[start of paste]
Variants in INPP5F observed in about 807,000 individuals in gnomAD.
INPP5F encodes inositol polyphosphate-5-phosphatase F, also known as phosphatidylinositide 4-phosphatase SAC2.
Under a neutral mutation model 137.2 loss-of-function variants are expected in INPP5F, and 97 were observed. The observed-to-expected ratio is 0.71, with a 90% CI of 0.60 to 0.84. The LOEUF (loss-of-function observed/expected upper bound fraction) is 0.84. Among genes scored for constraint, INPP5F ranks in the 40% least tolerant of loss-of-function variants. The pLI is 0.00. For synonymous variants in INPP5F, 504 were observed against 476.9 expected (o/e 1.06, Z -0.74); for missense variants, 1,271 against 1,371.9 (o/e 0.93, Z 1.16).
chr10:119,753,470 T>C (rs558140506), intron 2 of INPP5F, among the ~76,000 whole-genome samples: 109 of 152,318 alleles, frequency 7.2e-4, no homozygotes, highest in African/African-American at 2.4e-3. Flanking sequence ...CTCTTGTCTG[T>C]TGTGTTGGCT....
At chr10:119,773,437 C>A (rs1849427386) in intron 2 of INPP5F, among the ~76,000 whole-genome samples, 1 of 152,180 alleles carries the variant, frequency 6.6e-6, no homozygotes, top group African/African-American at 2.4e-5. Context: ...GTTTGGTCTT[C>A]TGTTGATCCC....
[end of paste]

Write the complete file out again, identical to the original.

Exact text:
Variants in INPP5F observed in about 807,000 individuals in gnomAD.
INPP5F encodes inositol polyphosphate-5-phosphatase F, also known as phosphatidylinositide 4-phosphatase SAC2.
Under a neutral mutation model 137.2 loss-of-function variants are expected in INPP5F, and 97 were observed. The observed-to-expected ratio is 0.71, with a 90% CI of 0.60 to 0.84. The LOEUF (loss-of-function observed/expected upper bound fraction) is 0.84. Among genes scored for constraint, INPP5F ranks in the 40% least tolerant of loss-of-function variants. The pLI is 0.00. For synonymous variants in INPP5F, 504 were observed against 476.9 expected (o/e 1.06, Z -0.74); for missense variants, 1,271 against 1,371.9 (o/e 0.93, Z 1.16).
chr10:119,753,470 T>C (rs558140506), intron 2 of INPP5F, among the ~76,000 whole-genome samples: 109 of 152,318 alleles, frequency 7.2e-4, no homozygotes, highest in African/African-American at 2.4e-3. Flanking sequence ...CTCTTGTCTG[T>C]TGTGTTGGCT....
At chr10:119,773,437 C>A (rs1849427386) in intron 2 of INPP5F, among the ~76,000 whole-genome samples, 1 of 152,180 alleles carries the variant, frequency 6.6e-6, no homozygotes, top group African/African-American at 2.4e-5. Context: ...GTTTGGTCTT[C>A]TGTTGATCCC....